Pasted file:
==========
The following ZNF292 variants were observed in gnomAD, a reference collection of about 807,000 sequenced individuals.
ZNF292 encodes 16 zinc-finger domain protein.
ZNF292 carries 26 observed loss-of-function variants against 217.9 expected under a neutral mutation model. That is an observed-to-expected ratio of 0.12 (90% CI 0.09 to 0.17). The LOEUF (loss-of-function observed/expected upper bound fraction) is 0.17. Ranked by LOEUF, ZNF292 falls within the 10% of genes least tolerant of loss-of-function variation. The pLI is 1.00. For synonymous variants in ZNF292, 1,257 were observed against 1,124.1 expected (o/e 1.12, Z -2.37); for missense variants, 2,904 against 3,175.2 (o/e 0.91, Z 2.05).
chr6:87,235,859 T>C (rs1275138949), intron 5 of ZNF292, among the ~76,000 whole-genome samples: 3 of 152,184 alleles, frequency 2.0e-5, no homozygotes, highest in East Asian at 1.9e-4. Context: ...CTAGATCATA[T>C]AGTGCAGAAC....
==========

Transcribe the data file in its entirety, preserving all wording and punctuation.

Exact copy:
The following ZNF292 variants were observed in gnomAD, a reference collection of about 807,000 sequenced individuals.
ZNF292 encodes 16 zinc-finger domain protein.
ZNF292 carries 26 observed loss-of-function variants against 217.9 expected under a neutral mutation model. That is an observed-to-expected ratio of 0.12 (90% CI 0.09 to 0.17). The LOEUF (loss-of-function observed/expected upper bound fraction) is 0.17. Ranked by LOEUF, ZNF292 falls within the 10% of genes least tolerant of loss-of-function variation. The pLI is 1.00. For synonymous variants in ZNF292, 1,257 were observed against 1,124.1 expected (o/e 1.12, Z -2.37); for missense variants, 2,904 against 3,175.2 (o/e 0.91, Z 2.05).
chr6:87,235,859 T>C (rs1275138949), intron 5 of ZNF292, among the ~76,000 whole-genome samples: 3 of 152,184 alleles, frequency 2.0e-5, no homozygotes, highest in East Asian at 1.9e-4. Context: ...CTAGATCATA[T>C]AGTGCAGAAC....